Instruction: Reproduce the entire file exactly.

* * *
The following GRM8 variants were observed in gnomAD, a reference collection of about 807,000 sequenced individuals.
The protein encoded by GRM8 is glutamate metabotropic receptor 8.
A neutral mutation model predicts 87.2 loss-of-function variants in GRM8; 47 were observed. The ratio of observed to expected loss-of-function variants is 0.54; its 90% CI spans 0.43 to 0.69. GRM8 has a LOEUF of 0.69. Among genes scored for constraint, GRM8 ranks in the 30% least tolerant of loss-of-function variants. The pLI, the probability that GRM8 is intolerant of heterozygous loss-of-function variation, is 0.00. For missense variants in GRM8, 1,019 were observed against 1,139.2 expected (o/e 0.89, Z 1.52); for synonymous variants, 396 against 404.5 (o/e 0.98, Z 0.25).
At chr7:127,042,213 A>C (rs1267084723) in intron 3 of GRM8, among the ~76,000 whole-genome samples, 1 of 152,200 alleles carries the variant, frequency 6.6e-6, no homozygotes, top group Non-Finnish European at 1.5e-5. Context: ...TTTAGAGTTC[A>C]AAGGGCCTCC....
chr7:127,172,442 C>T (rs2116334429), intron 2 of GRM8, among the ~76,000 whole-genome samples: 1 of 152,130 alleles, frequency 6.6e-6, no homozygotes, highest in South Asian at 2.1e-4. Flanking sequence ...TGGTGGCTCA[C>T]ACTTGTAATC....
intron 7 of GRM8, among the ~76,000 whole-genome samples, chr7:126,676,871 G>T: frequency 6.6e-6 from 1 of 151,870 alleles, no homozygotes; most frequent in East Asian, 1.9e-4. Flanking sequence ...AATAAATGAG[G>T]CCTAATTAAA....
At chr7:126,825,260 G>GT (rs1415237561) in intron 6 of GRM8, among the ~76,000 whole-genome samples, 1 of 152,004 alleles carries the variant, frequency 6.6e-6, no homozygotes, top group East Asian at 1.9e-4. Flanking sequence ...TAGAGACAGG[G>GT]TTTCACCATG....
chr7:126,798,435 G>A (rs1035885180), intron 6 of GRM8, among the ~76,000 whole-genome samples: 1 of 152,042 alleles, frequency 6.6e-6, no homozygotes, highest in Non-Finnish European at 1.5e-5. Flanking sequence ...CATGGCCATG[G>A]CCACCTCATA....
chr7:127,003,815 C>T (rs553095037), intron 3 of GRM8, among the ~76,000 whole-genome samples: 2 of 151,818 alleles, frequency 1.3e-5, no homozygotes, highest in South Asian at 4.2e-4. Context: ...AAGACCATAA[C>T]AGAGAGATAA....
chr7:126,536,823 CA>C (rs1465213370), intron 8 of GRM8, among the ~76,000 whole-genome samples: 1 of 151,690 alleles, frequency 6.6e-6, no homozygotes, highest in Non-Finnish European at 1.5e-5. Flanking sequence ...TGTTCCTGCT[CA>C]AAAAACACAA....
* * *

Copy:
The following GRM8 variants were observed in gnomAD, a reference collection of about 807,000 sequenced individuals.
The protein encoded by GRM8 is glutamate metabotropic receptor 8.
A neutral mutation model predicts 87.2 loss-of-function variants in GRM8; 47 were observed. The ratio of observed to expected loss-of-function variants is 0.54; its 90% CI spans 0.43 to 0.69. GRM8 has a LOEUF of 0.69. Among genes scored for constraint, GRM8 ranks in the 30% least tolerant of loss-of-function variants. The pLI, the probability that GRM8 is intolerant of heterozygous loss-of-function variation, is 0.00. For missense variants in GRM8, 1,019 were observed against 1,139.2 expected (o/e 0.89, Z 1.52); for synonymous variants, 396 against 404.5 (o/e 0.98, Z 0.25).
At chr7:127,042,213 A>C (rs1267084723) in intron 3 of GRM8, among the ~76,000 whole-genome samples, 1 of 152,200 alleles carries the variant, frequency 6.6e-6, no homozygotes, top group Non-Finnish European at 1.5e-5. Context: ...TTTAGAGTTC[A>C]AAGGGCCTCC....
chr7:127,172,442 C>T (rs2116334429), intron 2 of GRM8, among the ~76,000 whole-genome samples: 1 of 152,130 alleles, frequency 6.6e-6, no homozygotes, highest in South Asian at 2.1e-4. Flanking sequence ...TGGTGGCTCA[C>T]ACTTGTAATC....
intron 7 of GRM8, among the ~76,000 whole-genome samples, chr7:126,676,871 G>T: frequency 6.6e-6 from 1 of 151,870 alleles, no homozygotes; most frequent in East Asian, 1.9e-4. Flanking sequence ...AATAAATGAG[G>T]CCTAATTAAA....
At chr7:126,825,260 G>GT (rs1415237561) in intron 6 of GRM8, among the ~76,000 whole-genome samples, 1 of 152,004 alleles carries the variant, frequency 6.6e-6, no homozygotes, top group East Asian at 1.9e-4. Flanking sequence ...TAGAGACAGG[G>GT]TTTCACCATG....
chr7:126,798,435 G>A (rs1035885180), intron 6 of GRM8, among the ~76,000 whole-genome samples: 1 of 152,042 alleles, frequency 6.6e-6, no homozygotes, highest in Non-Finnish European at 1.5e-5. Flanking sequence ...CATGGCCATG[G>A]CCACCTCATA....
chr7:127,003,815 C>T (rs553095037), intron 3 of GRM8, among the ~76,000 whole-genome samples: 2 of 151,818 alleles, frequency 1.3e-5, no homozygotes, highest in South Asian at 4.2e-4. Context: ...AAGACCATAA[C>T]AGAGAGATAA....
chr7:126,536,823 CA>C (rs1465213370), intron 8 of GRM8, among the ~76,000 whole-genome samples: 1 of 151,690 alleles, frequency 6.6e-6, no homozygotes, highest in Non-Finnish European at 1.5e-5. Flanking sequence ...TGTTCCTGCT[CA>C]AAAAACACAA....